“Call me.”  Lina wrote down her number on the sheet with the spiral drawing and handed it to the woman.  “Do not call sooner than two hours from now, and call only if you have an estimate it’s going to be different from eight hours from now.  I – we – we all just ran our second marathon in less than twenty-four hours.  We all need to sleep.  We all need calories.  And if we don’t know, it’s going to be hard to get people here for the next one.”

She frowned at that.  Because it was far too good a point.

“We need people,” she reiterated.  “We need a lot of people to hold this.   I can’t do it on my own. I can’t do it on my own,” she repeated. “I can hold up maybe, I don’t know, a couple of pens on my own.  This-”  She shook her head.  “So we need to know.”

Ethan snorted quietly.  “Couple pens,” he muttered.

Lina, who had for a moment forgotten how they’d met, felt herself flushing. “Or so.”  She made herself stare at the woman.  “Let me know as soon as possible.  We have a lot of phone calling to do.  Understood?”

“You seem to think you’re in charge here,” the woman blustered.  “Just because you managed to stop this one-”

“And the first wave.”

“And the first wave.  But how do you know you can keep stopping it?”

“Lack of proof otherwise.”  Lina smiled, although she wanted to slap the woman.  “Look at it this way.  You could assume we can do it again.  Or you can scramble for another solution in possibly less than two hours.  Which do you want to do?”

The woman nodded reluctantly. “We will – I’ll get you an answer as soon as possible. I’ll text it to you if it’s sooner than two hours from now.  Do you have a back-up communications person?”

“First Jackson, who also will need sleep, and then -” then who?

“Then myself,” her father stepped up to the side of her.  “Catalina, I have a couple of the people here gathering contact information for everyone and setting up a multitext feature.  We can get in touch with anyone within fifteen, twenty minutes.  Miss-” He managed to look down at the corporate power-plant woman.  “Here’s my contact information.”  He passed her a business card.  “Contact me if you have an emergency in the next six hours; Catalina and her team need their rest.”

The woman took his card, read it, read it again, blanched, and nodded slowly. “Of course.  And I do hope that this is the only way we’ll be hearing from your firm, sir…?”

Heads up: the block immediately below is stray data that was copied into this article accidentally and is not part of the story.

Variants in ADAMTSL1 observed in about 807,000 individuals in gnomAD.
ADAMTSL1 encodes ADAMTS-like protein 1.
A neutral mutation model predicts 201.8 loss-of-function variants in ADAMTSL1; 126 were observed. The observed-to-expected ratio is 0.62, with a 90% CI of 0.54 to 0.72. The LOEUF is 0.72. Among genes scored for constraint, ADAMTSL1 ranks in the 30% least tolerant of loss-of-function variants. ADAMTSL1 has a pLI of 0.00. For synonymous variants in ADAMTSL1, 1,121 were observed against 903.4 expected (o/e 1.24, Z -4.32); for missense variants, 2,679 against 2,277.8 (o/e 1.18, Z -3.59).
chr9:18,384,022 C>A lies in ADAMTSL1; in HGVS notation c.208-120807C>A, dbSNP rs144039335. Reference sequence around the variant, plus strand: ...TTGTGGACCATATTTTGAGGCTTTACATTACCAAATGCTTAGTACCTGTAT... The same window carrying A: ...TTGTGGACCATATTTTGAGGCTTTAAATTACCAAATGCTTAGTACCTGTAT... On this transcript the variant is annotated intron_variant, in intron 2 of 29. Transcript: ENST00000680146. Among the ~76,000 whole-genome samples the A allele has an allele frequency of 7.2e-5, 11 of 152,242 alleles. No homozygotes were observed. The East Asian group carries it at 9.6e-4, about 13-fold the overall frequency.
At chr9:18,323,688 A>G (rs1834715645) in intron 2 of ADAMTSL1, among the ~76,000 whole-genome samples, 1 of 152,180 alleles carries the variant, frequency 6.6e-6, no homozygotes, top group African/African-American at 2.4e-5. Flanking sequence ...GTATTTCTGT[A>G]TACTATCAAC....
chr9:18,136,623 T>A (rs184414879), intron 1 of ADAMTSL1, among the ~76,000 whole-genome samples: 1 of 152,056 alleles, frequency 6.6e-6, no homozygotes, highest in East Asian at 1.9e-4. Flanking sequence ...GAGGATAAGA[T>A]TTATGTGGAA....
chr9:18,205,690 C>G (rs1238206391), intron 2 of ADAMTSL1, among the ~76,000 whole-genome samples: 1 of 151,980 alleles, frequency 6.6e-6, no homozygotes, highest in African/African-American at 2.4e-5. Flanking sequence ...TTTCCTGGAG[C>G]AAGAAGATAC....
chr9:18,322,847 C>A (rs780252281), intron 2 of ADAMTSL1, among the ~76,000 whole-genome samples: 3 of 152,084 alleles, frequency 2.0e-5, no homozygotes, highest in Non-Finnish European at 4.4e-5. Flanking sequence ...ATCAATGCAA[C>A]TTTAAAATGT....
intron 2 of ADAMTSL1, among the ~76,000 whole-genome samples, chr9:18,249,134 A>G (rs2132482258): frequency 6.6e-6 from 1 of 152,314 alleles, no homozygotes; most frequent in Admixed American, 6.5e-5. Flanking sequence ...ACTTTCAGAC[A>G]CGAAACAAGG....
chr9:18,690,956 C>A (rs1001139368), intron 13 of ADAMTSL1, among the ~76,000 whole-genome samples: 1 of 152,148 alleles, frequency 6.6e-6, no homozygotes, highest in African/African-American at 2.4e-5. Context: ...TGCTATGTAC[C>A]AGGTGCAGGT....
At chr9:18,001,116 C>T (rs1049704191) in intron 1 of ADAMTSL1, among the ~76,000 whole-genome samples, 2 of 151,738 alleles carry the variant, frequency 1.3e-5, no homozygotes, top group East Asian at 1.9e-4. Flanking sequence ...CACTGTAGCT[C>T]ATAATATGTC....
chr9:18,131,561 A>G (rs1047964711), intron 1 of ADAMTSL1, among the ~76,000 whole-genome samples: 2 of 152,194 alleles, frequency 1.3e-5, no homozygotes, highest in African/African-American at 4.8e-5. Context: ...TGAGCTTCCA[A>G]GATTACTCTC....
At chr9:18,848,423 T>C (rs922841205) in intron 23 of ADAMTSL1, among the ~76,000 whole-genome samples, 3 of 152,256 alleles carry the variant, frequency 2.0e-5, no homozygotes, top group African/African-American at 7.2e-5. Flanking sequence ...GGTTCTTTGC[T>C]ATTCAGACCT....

“We shall see.” Lina’s father smiled sharply.  “We shall see.  However, I do believe that we can all come to an understanding, as long as the next few days go well.  Now…?”

“Of course, of course.  I’ll have my communications assistant contact you as well, to help you with your coordination.”

“You’re being quite considerate.  The next time you might consider being that thoughtful before someone has to suggest a threat to you.  After all, Catalina here and her team did all the work, not me.”

The woman flinched, a very slight thing, and nodded, faintly. “Thank you.  Thank you, Catalina, and your – your team.”

“We’ll see you when you need us.”  Catalina looked to Dylan.  “For now, we’ve got to take care of our own.”


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3 thoughts on “Saving the Cult (if not the World), Chapter Thirty-Eight

  1. Typo
    ““Couple pens,” he muttered.e”

    Ugh, Lina is being far more patient that she has energy for, especially since Dylan is currently in a far more dire situation. I’m impressed at how she handled this, and thoroughly disgusted at most of the adults.

    Which I’m pretty sure is one of the underlying principles of YA novels – maybe you have a decent YA novel/serial on your hands.

  2. Thank you, Yolanda. Will someone at least get a blanket or something for Dylan? He might “just” be in shock, but it might be really bad.

    If the time between explosions is getting shorter, that’s a Problem. They need a lot more data than just “when is the next one” from the plant staff. I nominate Lina’s parents to work on that while the teens sleep and eat.

    • Excellent points, both. Each of those interventions is taking a lot of energy, and if they can’t properly recuperate between events, this’ll go pear-shaped eventually.